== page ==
Entity

Time filter

Source Type

London, United Kingdom

Steptoe A.,University College London | Breeze E.,University College London | Banks J.,Institute for Fiscal Studies | Nazroo J.,University of Manchester
International Journal of Epidemiology | Year: 2013

The English Longitudinal Study of Ageing (ELSA) is a panel study of a representative cohort of men and women living in England aged ≥50 years. It was designed as a sister study to the Health and Retirement Study in the USA and is multidisciplinary in orientation, involving the collection of economic, social, psychological, cognitive, health, biological and genetic data. The study commenced in 2002, and the sample has been followed up every 2 years. Data are collected using computer-assisted personal interviews and self-completion questionnaires, with additional nurse visits for the assessment of biomarkers every 4 years. The original sample consisted of 11 391 members ranging in age from 50 to 100 years. ELSA is harmonized with ageing studies in other countries to facilitate international comparisons, and is linked to financial and health registry data. The data set is openly available to researchers and analysts soon after collection (http://www.esds.ac.uk/longitudinal/access/elsa/l5050.asp). Published by Oxford University Press on behalf of the International Epidemiological Association © The Author 2012; all rights reserved. Source


Grant
Agency: GTR | Branch: ESRC | Program: | Phase: Research Grant | Award Amount: 353.07K | Year: 2016

The aim of the proposed research is to better understand individual behaviour in food markets, and to provide new evidence on the potential impacts of proposed policy interventions that seek to improve nutritional outcomes. Our focus will be on understanding what form preferences take and what factors might influence preference formation. We will extend economic models of food choice to reflect potential non-standard features of behaviour such as habits and temptation and we will also study the effects on decision making of advertising. To study habit formation, we will use food purchasing information on migrants and on children and their parents. We will study how we can incorporate behavioural biases such as temptation and self-control into the standard economic models of demand and use information on purchases people make for immediate and future consumption to estimate these models. We will also allow for potentially persuasive effects of advertising on consumers choices. Finally, we will use these new models of demand to carry out ex ante policy evaluation of reforms that change relative prices or costs to study how the existence of habits formation or behavioural biases effect the potential impact of policy reform. When considering such policy counterfactuals we will analyse firm behaviour, accounting for dynamic strategic interactions between firms, in order to assess the long run impact on both demand and supply of government policy (such as taxes).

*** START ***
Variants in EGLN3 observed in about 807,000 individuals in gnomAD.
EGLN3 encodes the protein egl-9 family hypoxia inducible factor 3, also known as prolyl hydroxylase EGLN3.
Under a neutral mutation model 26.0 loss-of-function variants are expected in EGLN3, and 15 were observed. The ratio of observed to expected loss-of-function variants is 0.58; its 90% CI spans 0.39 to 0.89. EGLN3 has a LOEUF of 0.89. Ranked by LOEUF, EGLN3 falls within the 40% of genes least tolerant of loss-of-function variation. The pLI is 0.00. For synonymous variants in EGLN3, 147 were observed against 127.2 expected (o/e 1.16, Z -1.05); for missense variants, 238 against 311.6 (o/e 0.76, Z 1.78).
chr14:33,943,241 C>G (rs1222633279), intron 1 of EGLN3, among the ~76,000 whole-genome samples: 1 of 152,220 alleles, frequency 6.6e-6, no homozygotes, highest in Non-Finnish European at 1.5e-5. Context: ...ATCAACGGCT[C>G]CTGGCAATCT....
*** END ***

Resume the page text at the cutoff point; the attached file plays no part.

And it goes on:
Grant
Agency: GTR | Branch: ESRC | Program: | Phase: Research Grant | Award Amount: 279.49K | Year: 2014